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Web search finds local angle

One software company aims to make searching for local businesses on the Web more intuitive, especially on future Web-enabled mobile devices.

One software company aims to make searching for local businesses on the Web more intuitive, especially on future Web-enabled mobile devices.

Metamend, based in Victoria, British Columbia, this week introduced new technology that helps businesses feed data on their physical location to Web search engines. That data is stored in a tag on the business' Web site and contains Geographic Information Systems (GIS) data such as the location's latitude and longitude. Search engines with their feelers out for regional data on Web pages can pick it up and deliver query results related to Web surfers' location.

"Any physical address on a Web page has GIS data," Metamend CEO Richard Zwicky said. "This service will marry them up so that any Global Positioning System (GPS) tool--more wireless Internet devices come GPS-enabled today--when they're running a search, the location of the site becomes part of the relevance of the query."

For example, if a traveler is visiting New York and types in "sushi" to the cell phone's Web search service, the phone could call up restaurants relevant to the current location with the aid of such technology.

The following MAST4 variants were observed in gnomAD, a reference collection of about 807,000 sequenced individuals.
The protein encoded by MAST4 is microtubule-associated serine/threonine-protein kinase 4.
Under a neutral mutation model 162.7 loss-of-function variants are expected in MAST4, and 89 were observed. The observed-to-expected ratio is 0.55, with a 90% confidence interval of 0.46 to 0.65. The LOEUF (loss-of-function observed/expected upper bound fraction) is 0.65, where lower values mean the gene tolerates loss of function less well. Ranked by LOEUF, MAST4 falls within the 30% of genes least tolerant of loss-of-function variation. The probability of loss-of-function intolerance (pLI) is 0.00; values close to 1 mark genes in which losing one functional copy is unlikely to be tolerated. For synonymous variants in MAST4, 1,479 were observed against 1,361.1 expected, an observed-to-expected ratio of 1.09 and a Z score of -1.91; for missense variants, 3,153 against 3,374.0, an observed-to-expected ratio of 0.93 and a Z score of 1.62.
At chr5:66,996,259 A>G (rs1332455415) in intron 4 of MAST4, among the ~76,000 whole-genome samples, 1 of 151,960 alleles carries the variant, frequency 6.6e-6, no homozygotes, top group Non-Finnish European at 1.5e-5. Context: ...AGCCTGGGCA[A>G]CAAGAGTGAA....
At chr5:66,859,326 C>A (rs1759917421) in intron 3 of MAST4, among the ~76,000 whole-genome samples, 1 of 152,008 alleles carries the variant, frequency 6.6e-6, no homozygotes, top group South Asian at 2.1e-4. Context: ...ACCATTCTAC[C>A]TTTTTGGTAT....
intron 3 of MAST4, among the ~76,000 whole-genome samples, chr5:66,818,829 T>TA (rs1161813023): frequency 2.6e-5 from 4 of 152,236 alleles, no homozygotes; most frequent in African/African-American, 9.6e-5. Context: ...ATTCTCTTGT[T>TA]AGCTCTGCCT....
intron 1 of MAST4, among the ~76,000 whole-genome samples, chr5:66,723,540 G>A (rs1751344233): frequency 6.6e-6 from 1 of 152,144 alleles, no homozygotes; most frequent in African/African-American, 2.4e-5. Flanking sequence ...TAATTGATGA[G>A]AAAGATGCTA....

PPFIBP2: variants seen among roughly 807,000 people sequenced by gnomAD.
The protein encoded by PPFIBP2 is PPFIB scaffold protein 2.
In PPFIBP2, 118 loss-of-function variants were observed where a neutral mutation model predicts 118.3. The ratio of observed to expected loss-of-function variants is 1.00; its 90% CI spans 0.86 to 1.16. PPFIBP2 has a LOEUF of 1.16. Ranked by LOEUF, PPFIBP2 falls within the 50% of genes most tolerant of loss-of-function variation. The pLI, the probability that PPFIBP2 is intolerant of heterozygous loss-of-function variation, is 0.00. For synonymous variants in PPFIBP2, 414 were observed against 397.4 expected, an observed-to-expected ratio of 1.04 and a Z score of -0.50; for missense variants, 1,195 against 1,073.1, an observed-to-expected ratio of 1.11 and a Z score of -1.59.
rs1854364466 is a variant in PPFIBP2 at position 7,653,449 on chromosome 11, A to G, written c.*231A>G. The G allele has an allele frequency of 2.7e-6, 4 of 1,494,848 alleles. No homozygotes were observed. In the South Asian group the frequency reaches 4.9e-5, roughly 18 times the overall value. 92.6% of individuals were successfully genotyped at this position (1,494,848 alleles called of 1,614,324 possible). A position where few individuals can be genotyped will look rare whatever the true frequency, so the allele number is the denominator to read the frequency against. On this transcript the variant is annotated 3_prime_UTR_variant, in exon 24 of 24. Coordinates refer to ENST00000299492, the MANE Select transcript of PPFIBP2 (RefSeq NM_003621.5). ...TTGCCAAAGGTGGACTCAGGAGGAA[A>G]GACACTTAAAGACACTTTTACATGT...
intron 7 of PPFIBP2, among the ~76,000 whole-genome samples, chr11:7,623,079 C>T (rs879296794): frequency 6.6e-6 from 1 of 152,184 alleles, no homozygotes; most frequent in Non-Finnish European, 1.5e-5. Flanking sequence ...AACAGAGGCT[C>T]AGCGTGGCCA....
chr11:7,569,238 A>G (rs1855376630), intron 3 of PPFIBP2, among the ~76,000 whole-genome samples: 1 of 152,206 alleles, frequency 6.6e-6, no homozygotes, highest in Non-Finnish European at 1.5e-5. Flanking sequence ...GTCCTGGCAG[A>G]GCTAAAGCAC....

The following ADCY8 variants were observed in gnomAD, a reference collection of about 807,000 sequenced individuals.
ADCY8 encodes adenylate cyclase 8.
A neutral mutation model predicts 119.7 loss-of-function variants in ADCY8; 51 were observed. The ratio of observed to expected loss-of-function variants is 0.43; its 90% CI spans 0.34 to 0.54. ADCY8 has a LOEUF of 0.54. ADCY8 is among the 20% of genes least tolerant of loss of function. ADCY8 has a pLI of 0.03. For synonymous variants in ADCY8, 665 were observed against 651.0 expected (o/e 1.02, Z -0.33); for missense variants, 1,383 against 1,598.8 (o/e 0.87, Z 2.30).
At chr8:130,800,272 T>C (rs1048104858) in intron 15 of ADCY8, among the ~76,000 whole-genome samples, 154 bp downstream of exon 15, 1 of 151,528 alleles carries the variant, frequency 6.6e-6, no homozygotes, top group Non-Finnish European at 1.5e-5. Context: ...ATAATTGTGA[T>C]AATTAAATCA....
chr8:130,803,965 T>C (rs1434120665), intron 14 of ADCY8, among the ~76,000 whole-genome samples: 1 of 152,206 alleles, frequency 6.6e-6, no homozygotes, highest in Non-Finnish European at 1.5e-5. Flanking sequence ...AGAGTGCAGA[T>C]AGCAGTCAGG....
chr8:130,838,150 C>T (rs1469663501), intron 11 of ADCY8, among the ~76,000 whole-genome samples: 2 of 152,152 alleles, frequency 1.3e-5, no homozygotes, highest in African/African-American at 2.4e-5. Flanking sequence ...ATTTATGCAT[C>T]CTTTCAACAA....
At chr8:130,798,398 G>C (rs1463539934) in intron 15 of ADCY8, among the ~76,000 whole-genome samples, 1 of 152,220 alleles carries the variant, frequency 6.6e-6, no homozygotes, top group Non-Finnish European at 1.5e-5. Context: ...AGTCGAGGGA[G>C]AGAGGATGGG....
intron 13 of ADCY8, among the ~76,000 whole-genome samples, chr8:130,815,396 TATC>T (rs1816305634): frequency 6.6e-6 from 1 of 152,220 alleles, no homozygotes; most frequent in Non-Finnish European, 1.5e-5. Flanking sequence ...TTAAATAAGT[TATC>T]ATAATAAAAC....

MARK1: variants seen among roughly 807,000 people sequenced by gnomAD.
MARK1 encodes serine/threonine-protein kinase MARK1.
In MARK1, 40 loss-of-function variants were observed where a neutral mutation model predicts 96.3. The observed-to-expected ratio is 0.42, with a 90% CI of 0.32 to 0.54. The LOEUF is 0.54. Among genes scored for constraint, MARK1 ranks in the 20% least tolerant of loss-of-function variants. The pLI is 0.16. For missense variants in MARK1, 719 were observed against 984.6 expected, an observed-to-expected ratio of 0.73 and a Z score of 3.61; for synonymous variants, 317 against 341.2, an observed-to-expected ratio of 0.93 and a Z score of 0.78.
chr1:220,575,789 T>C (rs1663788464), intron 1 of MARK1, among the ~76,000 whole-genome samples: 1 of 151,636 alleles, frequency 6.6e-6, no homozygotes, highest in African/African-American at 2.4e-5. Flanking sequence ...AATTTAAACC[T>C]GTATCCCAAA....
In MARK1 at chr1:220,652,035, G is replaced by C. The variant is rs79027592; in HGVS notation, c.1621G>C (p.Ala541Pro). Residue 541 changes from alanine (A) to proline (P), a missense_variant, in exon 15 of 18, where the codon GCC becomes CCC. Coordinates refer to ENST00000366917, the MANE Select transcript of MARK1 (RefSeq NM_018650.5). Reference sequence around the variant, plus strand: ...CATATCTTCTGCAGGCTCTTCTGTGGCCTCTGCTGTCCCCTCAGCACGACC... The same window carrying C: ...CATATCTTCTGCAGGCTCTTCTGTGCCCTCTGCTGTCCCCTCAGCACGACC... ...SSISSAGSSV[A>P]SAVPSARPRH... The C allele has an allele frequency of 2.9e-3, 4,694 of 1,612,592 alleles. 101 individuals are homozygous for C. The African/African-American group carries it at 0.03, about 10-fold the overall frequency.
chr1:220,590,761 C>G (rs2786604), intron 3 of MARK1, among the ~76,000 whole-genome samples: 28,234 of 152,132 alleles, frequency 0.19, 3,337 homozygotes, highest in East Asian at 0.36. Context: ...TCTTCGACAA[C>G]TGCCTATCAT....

Momentum is gathering for location-based navigation among search engines and mobile device makers. Web search technology companies including FAST Search & Transfer and Google are working with wireless phone companies to power mobile search that can benefit from locally targeted results. In addition, wireless Internet devices are more often equipped with GPS technology that can track the user's physical whereabouts. Both parties want to localize Web search to make it more relevant and draw more regional advertising dollars.

Metamend, which sells technology that helps companies optimize their Web pages for search engine submissions, developed a service that eases the location-tagging process for Web sites. The technology is said to have a 99 percent accuracy rating on a city level when address data is present within the Web site.

Industry executives say that such an effort could help search engines deliver more targeted, local results, but there would likely have to be adoption of a tagging standard to make it work. "Unless it's a product that everyone uses, I don't see it being useful," said Tim Mayer, vice president of FAST Web Search, which has a partnership with mobile phone provider Vodaphone to power Web search. "You need an independent agency or large company to push a standard."

FAST recently updated its Web search engine, AlltheWeb, to deliver results tailored to the country location of its visitors.

Mayer said that location targeting is just one new direction in which search engines are headed as a way to deliver more relevant results to consumers and more targeted advertising opportunities to marketers.